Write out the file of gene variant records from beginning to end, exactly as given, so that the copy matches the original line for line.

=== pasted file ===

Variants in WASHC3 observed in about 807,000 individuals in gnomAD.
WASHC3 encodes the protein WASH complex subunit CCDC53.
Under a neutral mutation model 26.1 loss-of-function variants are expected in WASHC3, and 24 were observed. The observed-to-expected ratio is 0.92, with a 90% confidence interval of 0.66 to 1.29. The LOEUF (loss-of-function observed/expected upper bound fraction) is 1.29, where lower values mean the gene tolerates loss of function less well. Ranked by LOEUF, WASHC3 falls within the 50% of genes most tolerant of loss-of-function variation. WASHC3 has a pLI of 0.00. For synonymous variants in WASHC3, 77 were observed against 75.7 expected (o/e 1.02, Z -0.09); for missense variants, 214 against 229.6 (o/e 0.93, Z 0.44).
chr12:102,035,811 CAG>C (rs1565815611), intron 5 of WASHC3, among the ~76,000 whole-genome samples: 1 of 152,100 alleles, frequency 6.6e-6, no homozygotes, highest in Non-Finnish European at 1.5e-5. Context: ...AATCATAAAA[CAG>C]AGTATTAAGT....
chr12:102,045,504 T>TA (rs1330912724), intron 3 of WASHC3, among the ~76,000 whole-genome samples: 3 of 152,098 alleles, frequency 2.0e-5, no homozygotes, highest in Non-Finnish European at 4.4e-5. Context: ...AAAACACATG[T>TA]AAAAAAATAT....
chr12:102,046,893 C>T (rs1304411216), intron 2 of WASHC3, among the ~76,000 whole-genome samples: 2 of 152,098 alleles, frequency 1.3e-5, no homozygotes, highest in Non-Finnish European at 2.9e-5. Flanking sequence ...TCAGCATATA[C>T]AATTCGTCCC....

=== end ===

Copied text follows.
Variants in WASHC3 observed in about 807,000 individuals in gnomAD.
WASHC3 encodes the protein WASH complex subunit CCDC53.
Under a neutral mutation model 26.1 loss-of-function variants are expected in WASHC3, and 24 were observed. The observed-to-expected ratio is 0.92, with a 90% confidence interval of 0.66 to 1.29. The LOEUF (loss-of-function observed/expected upper bound fraction) is 1.29, where lower values mean the gene tolerates loss of function less well. Ranked by LOEUF, WASHC3 falls within the 50% of genes most tolerant of loss-of-function variation. WASHC3 has a pLI of 0.00. For synonymous variants in WASHC3, 77 were observed against 75.7 expected (o/e 1.02, Z -0.09); for missense variants, 214 against 229.6 (o/e 0.93, Z 0.44).
chr12:102,035,811 CAG>C (rs1565815611), intron 5 of WASHC3, among the ~76,000 whole-genome samples: 1 of 152,100 alleles, frequency 6.6e-6, no homozygotes, highest in Non-Finnish European at 1.5e-5. Context: ...AATCATAAAA[CAG>C]AGTATTAAGT....
chr12:102,045,504 T>TA (rs1330912724), intron 3 of WASHC3, among the ~76,000 whole-genome samples: 3 of 152,098 alleles, frequency 2.0e-5, no homozygotes, highest in Non-Finnish European at 4.4e-5. Context: ...AAAACACATG[T>TA]AAAAAAATAT....
chr12:102,046,893 C>T (rs1304411216), intron 2 of WASHC3, among the ~76,000 whole-genome samples: 2 of 152,098 alleles, frequency 1.3e-5, no homozygotes, highest in Non-Finnish European at 2.9e-5. Flanking sequence ...TCAGCATATA[C>T]AATTCGTCCC....